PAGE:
Go Premium for a chance to win a PS4. Enter to Win

x
?
Solved

Adding CheckBoxes to a VBA Form

Posted on 2011-02-21
10
Medium Priority
?
557 Views
Last Modified: 2012-05-11
Good afternoon,
Ive been trying to add a bunch of checkboxes to a form Ive created in an Excel spreadsheet, I want to draw the checkboxes during run-time as the text and quantiy will change.

The code Ive done so far, which Ive putin UserForm_Activate() looks ok:-

   Dim x As Integer
   
    For x = 1 To 100 Step 1
        Dim newCheckBox  As CheckBox
       
        newCheckBox.Text = "Hello " & x
        newCheckBox.Top = x * 30
        newCheckBox.Left = 10
       
        Frame1.Controls.Add newCheckBox
    Next



However when it runs the line 'newCheckBox.Text = "Hello " & x' I get the error 'Run time error '91': Object variable or With block variable not set', but cant see anything thats not set.

Can anyone else see what I need to set to set a new checkbox up and add it to the controls on the form?

Thank you
0
Comment
Question by:tonelm54
  • 3
  • 2
  • 2
  • +2
10 Comments
 
LVL 93

Expert Comment

by:Patrick Matthews
ID: 34943911
You never actually assign the newCheckBox variable, so that is why you got the error.

In any event, if you are always looking to add 100 checkboxes (which makes for a wickedly complex UserForm, but whatever), then why create them at runtime?  Why not simply design your UserForm with those controls to begin with?
0
 
LVL 85

Accepted Solution

by:
Rory Archibald earned 2000 total points
ID: 34943912
There were a few issues there - what you need is:
 Dim x As Integer
    
    For x = 1 To 100 Step 1
        Dim newCheckBox  As MSForms.CheckBox
        Set newCheckBox = Me.Frame1.Controls.Add("Forms.CheckBox.1")
        newCheckBox.Caption = "Hello " & x
        newCheckBox.Top = x * 30
        newCheckBox.Left = 10
    Next

Open in new window

0
 
LVL 30

Expert Comment

by:SiddharthRout
ID: 34943934
Few things...

1) You may omit the Step 1 as it is by default

2) Checkboxes do not have a .Text property. Use .Caption.

Try this

Private Sub CommandButton1_Click()
   Dim x As Integer
   
    For x = 1 To 5
        Dim newCheckBox As MSForms.CheckBox
        Set newCheckBox = Frame1.Controls.Add("Forms.CheckBox.1")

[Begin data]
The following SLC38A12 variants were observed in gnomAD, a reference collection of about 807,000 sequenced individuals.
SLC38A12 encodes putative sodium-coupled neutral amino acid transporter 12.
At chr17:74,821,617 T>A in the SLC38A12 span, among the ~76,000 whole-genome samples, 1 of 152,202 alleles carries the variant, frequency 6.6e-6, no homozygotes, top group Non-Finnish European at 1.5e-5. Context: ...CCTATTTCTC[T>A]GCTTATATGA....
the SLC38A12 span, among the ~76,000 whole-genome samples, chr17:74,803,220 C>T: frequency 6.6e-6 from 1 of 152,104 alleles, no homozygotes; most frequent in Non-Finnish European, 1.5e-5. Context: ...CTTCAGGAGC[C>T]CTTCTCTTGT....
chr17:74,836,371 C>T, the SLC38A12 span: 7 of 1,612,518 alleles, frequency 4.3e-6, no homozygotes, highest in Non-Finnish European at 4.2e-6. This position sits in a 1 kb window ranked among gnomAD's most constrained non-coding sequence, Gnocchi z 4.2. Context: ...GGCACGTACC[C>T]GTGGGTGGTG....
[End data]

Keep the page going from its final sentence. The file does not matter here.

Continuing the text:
newCheckBox.Caption = "Hello " & x
        newCheckBox.Top = x * 30
        newCheckBox.Left = 10
    Next
End Sub

Open in new window


Sid
0
VIDEO: THE CONCERTO CLOUD FOR HEALTHCARE

Modern healthcare requires a modern cloud. View this brief video to understand how the Concerto Cloud for Healthcare can help your organization.

 
LVL 30

Expert Comment

by:SiddharthRout
ID: 34943939
I give up!!!! Speedy Rory at action today... lolzzz

Sid
0
 
LVL 18

Expert Comment

by:Cory Vandenberg
ID: 34944045
Let me add one thing to this discussion.

You really should NEVER use Integer types when coding in VBA.  They are converted to Long type in the VB engine, and have the unfortunate possibility of an overflow error (something you will see if looping through rows of the worksheet for instance).  Because of this conversion, it is also more efficient to use the Long type, as you avoid the conversion.

Anyways, it has nothing to do with the solution here, but just wanted to point it out.

WC
0
 
LVL 85

Expert Comment

by:Rory Archibald
ID: 34944093
Unless of course your valid values are only Integer values and you want to validate that.

Never say never. ;)
0
 
LVL 93

Expert Comment

by:Patrick Matthews
ID: 34944147
>>Unless of course your valid values are only Integer values and you want to validate that.

Perhaps, but I should think that there are cleaner ways to validate inputs than to rely on trapping an overflow error :)
0
 
LVL 85

Expert Comment

by:Rory Archibald
ID: 34944209
I was thinking more of design time. If your routines are set up to take Integers, then a design time attempt to pass a Long will be flagged up without you needing to validate at run time.
0
 
LVL 18

Expert Comment

by:Cory Vandenberg
ID: 34945500
My point was that if you are the one doing the "designing" of the code, it is best to avoid Integer type in VBA.  If I am the one writing the code, there is never, and I mean never, an instance where Integer cannot be replaced by Long.

A lot of times when I copy code from others I will go through and change Integer type casting to Long, even if there is no real need for it other than peace of mind and perhaps a microscopic performance enhancement.

Always appreciate the input from you though, Rory.  I've learned a lot in the past from your comments.

WC
0
 

Author Closing Comment

by:tonelm54
ID: 34946901
Excellent, thank you
0

Featured Post

Technology Partners: We Want Your Opinion!

We value your feedback.

Take our survey and automatically be enter to win anyone of the following:
Yeti Cooler, Amazon eGift Card, and Movie eGift Card!

Question has a verified solution.

If you are experiencing a similar issue, please ask a related question

Microsoft's Excel has many features that most people will never need nor take advantage of.  Conditional formatting is one feature that you may find a necessity once you start using it.
Windows Explorer let you handle zip folders nearly as any other folder: Copy, move, change, and delete, etc. In VBA you can also handle normal files and folders, but zip folders takes a little more - and that you'll find here.
Graphs within dashboards are meant to be dynamic, representing data from a period of time that will change each time the dashboard is updated with new data. Rather than update each graph to point to a different set within a static set of data, t…
This Micro Tutorial will demonstrate how to use longer labels with horizontal bar charts instead of the vertical column chart.

963 members asked questions and received personalized solutions in the past 7 days.

Join the community of 500,000 technology professionals and ask your questions.

Join & Ask a Question